CES 2014 has come and gone, and as the dust settles it’s time to pick over the remains of the show. The Consumer Electronics Show demands a theme – or at least we in the industry demand a theme of it – and 2014 proved to be wearables, with a little competition from Ultra HD (again) and big, curved TVs (again). That came as no great shock, since analysts have been telling us 2014 is to be “the year of wearables” pretty much since 2013 started out; if there was any degree of surprise, it was in quite how “me too” the various devices were on show.
“Wearables” has, for those at the bleeding edge at least, taken on a futuristic tone: we often associate the term with Google Glass-style headsets, bringing complex computing to our line of sight. However, the reality was a fair degree more mundane.
Fitness trackers were most represented, with startups through to big names wading into the segment already popularized by Fitbit, Jawbone, and Nike+ with their own (little different) bands and belts. For the most part, each looks to generate its own little fiefdom of compartmentalized data, spouting the usual mixture of steps-taken, calories burned, distance trotted and, more often than not, sleep-phases snoozed.
Second-most common were smartwatches, or at least wrist-worn gadgetry intended to bridge what’s happening on your smartphone or tablet with a more readily-glanced spot on your wrist. Pebble brought its second-gen version, the Pebble Steel, looking to expand its market by tackling those left cold by the aesthetics of the initial Kickstarter success, rather than to revolutionize it with a change in functionality.
That staunch-status-quo ethos came to typify the vast majority of the wearables we saw this past week. We can’t much blame Pebble specifically for wanting to build upon its user-base – in fact, its decision to enfold new owners into its existing customer and developer footprint, rather than unnecessarily fragmenting them with new and premature hardware, seems both commercially and morally sound at this stage of its business – but the general myopia around data and its overall context by the fitness wearables specifically was disappointing.
In short order was any real extrapolation or contextual analysis done on the fitness data gathered, with wearers still pretty much expected to draw their own conclusions as to what changes they should make (e.g. to exercise more), when it would make sense to make them (e.g. in the afternoon, say, when you’re historically inactive), and how much you should do (e.g. start out with 1,500 more steps, perhaps, then scale that up over the next 14 days and rate how differently you feel). In fact, we’re still little distant from a mechanical pedometer worn on the belt, only with flashy iPhone and Android apps to review the numbers on.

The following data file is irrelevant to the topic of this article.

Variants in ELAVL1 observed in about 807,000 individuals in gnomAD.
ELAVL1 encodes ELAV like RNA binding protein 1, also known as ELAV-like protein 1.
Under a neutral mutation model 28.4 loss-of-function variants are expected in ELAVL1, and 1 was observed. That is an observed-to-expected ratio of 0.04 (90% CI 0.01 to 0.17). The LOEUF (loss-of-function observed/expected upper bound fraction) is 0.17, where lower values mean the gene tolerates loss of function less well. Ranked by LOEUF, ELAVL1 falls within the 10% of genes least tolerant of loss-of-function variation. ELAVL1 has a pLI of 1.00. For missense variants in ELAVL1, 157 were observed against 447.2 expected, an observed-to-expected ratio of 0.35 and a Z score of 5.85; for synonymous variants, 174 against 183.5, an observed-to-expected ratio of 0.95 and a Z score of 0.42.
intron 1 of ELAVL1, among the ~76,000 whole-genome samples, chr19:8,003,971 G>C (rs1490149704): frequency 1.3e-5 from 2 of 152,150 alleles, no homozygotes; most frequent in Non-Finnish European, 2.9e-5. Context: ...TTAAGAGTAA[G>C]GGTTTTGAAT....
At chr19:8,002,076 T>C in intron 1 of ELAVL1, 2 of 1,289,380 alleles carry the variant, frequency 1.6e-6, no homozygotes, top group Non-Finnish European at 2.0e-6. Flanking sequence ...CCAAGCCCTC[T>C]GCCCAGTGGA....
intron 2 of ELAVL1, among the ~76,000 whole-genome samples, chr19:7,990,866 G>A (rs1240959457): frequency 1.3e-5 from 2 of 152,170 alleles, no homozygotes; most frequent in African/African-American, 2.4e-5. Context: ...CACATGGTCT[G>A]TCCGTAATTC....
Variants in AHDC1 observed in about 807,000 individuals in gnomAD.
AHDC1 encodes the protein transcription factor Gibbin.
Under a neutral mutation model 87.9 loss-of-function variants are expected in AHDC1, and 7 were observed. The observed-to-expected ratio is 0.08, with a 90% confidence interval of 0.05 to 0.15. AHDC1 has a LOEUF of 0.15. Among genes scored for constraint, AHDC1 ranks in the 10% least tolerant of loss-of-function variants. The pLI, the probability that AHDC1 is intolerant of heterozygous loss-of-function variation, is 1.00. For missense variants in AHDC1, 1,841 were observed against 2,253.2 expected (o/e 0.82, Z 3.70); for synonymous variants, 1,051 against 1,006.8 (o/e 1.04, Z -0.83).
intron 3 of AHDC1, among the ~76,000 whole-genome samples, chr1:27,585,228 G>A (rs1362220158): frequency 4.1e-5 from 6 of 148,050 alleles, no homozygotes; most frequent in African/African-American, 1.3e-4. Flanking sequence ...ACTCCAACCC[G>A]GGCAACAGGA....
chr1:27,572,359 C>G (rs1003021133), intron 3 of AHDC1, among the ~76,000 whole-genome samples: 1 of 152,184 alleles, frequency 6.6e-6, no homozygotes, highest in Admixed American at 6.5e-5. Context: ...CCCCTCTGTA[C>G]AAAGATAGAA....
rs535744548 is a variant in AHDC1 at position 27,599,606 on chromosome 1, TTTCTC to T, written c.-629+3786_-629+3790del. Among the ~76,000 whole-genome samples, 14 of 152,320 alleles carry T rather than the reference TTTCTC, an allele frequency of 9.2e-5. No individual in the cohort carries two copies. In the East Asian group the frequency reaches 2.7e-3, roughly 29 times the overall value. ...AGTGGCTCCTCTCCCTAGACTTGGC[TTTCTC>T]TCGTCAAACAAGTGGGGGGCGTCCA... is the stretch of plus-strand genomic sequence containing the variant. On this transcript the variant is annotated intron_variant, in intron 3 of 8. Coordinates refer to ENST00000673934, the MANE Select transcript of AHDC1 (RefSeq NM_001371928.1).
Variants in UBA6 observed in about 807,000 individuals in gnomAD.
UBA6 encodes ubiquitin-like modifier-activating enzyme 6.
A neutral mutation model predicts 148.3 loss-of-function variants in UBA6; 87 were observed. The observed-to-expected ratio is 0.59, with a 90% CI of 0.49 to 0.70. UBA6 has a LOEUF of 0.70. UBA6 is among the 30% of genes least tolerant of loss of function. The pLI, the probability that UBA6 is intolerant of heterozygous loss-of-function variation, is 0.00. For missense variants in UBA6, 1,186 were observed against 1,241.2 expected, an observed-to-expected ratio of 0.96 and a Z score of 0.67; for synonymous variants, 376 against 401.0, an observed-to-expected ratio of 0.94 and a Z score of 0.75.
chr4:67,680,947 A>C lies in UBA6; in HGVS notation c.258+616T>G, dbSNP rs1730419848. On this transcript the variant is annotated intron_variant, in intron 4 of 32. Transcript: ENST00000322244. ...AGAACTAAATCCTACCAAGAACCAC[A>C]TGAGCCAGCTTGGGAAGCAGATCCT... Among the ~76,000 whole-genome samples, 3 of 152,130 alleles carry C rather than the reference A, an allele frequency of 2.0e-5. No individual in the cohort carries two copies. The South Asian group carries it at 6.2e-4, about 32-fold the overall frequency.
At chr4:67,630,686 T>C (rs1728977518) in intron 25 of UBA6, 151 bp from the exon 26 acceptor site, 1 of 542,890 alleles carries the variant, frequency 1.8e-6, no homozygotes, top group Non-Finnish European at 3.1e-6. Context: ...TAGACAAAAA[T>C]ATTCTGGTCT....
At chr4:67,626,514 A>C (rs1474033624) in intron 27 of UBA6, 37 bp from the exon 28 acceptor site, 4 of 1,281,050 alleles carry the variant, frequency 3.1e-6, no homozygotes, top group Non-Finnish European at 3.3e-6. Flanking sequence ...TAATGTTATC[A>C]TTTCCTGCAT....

There were some brighter points in wearables, certainly. Garmin’s vivofit and its year-long battery life is a welcome escape from having yet another gadget to plug in periodically, while Jaybird’s Reign – our pick of the show in wearable hardware, in fact – did at least try to better conceptualize under- and over-activity with its use of a “Go Zone” into which users would be guided.
The real promise still looks to be some way out, however. GERO’s research into predicting chronic diseases like diabetes, Alzheimer’s, and depression seems near-magical in what it can intuit from mere movement data, though the start-up insists it’s all based in pure science. Intel hasn’t even given us a glimmer of final hardware or software – or, indeed, purpose – with its wearable project, but is at least making sensible noises about leaving design to those in the fashion industry that understand it, and itself only taking responsibility for the hardware inside. Music to the ears of anyone for whom rubber bracelets and chunky plastic clips aren’t quite the epitome of aesthetic appeal.
Fitness will, so the predictions go, be the vanguard for wearables. Beyond that, while we saw more developer hardware from firms like Lumus and Epson, the head-worn gadgetry is still in its infancy. That at least gives time for legitimate use-cases to emerge: the “why” you should look at the world through a veil of digital data, beyond just the “how”.
If there’s one thing that’s clear, it’s that this is still a segment in its infancy. There’s still no one single company dominant in the wearables space, and no real qualification as to what we should – or could – expect from quantification. For the most part, the hardware is broadly similar, leaving the tougher challenge being how we process and contextualize the data it collects. That was a conversation for the most part absent at CES last week, but it’s one which will need to take place if 2014 really is to be the point at which wearable technology takes seed.
Catch up on all the CES 2014 coverage in our full show hub!